It’s a superb result, but we can’t help wondering if it could have been even faster. It typically took less than 0.2 seconds from when we pressed the shutter button to hearing a double-beep to confirm that focus was achieved, but then it took another 0.3 seconds for the shutter mechanism to kick in. Half-pressing to focus and then fully pressing to capture removed this shutter lag, though. We measured 2.1 seconds between shots in live view mode, which is much slower than the 0.4 seconds it achieved when using the viewfinder. It delivered 7fps continuous shooting in live view mode, but focus was fixed and the screen was blank during bursts.

Still, the bottom line is that live view mode is far more useful than on any other Canon (or Nikon or Pentax) SLR. It helps that the screen is articulated, with a side-mounted hinge that allows it to tilt up, down, to the side and right around for self-portraits – a feature that’s conspicuously absent from the Nikon D7100 and Canon and Nikon’s full-frame SLRs.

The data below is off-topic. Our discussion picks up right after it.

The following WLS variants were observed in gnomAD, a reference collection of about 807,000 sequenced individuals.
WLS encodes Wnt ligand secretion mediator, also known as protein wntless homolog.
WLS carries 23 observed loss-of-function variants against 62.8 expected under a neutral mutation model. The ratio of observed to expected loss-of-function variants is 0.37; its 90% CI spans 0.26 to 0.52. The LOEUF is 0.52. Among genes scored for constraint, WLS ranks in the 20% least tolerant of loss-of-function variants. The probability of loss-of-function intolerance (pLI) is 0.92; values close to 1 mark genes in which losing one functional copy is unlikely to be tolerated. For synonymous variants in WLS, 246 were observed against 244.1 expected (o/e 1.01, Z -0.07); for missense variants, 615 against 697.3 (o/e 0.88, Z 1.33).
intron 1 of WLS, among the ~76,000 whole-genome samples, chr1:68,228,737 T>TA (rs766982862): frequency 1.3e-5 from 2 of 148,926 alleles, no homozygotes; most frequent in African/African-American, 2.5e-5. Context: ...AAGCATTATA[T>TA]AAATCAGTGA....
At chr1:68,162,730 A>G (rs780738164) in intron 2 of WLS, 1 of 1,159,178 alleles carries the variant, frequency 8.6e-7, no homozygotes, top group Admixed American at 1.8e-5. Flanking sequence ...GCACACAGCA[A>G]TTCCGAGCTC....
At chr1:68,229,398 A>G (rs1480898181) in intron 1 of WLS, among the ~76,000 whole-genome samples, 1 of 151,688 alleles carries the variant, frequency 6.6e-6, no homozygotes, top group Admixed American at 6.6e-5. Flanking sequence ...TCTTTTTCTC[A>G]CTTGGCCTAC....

Canon EOS 70D

The 70D’s screen is touch-sensitive too, so moving the autofocus point in live view mode couldn’t be easier. Subject tracking is available but we weren’t bowled over by its reliability. The touchscreen also speeds up navigation of the Q menu, which gives quick access to a wider array of functions than are covered by the dedicated buttons. The touchscreen provides an alternative way to navigate the main menu, but we found it quicker to use the command dial and rear wheel to jump to a particular setting.